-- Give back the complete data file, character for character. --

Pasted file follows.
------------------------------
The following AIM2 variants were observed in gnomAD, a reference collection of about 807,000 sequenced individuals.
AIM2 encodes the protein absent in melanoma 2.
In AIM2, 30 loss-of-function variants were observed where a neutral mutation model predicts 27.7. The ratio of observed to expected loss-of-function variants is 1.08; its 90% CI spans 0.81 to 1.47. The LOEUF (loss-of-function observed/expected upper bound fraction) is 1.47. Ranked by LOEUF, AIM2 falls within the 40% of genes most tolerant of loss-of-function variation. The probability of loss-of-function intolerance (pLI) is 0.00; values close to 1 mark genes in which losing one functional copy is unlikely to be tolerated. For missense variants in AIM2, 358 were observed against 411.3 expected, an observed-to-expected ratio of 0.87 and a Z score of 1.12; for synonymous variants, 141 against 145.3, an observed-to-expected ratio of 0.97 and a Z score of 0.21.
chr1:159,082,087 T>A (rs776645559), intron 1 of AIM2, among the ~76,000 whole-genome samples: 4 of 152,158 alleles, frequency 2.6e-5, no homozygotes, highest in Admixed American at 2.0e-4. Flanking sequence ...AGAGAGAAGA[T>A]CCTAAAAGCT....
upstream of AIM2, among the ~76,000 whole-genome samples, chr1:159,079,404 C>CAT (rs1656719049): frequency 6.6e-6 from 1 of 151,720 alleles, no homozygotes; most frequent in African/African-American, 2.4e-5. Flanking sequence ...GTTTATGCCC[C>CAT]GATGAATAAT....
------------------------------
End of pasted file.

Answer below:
The following AIM2 variants were observed in gnomAD, a reference collection of about 807,000 sequenced individuals.
AIM2 encodes the protein absent in melanoma 2.
In AIM2, 30 loss-of-function variants were observed where a neutral mutation model predicts 27.7. The ratio of observed to expected loss-of-function variants is 1.08; its 90% CI spans 0.81 to 1.47. The LOEUF (loss-of-function observed/expected upper bound fraction) is 1.47. Ranked by LOEUF, AIM2 falls within the 40% of genes most tolerant of loss-of-function variation. The probability of loss-of-function intolerance (pLI) is 0.00; values close to 1 mark genes in which losing one functional copy is unlikely to be tolerated. For missense variants in AIM2, 358 were observed against 411.3 expected, an observed-to-expected ratio of 0.87 and a Z score of 1.12; for synonymous variants, 141 against 145.3, an observed-to-expected ratio of 0.97 and a Z score of 0.21.
chr1:159,082,087 T>A (rs776645559), intron 1 of AIM2, among the ~76,000 whole-genome samples: 4 of 152,158 alleles, frequency 2.6e-5, no homozygotes, highest in Admixed American at 2.0e-4. Flanking sequence ...AGAGAGAAGA[T>A]CCTAAAAGCT....
upstream of AIM2, among the ~76,000 whole-genome samples, chr1:159,079,404 C>CAT (rs1656719049): frequency 6.6e-6 from 1 of 151,720 alleles, no homozygotes; most frequent in African/African-American, 2.4e-5. Flanking sequence ...GTTTATGCCC[C>CAT]GATGAATAAT....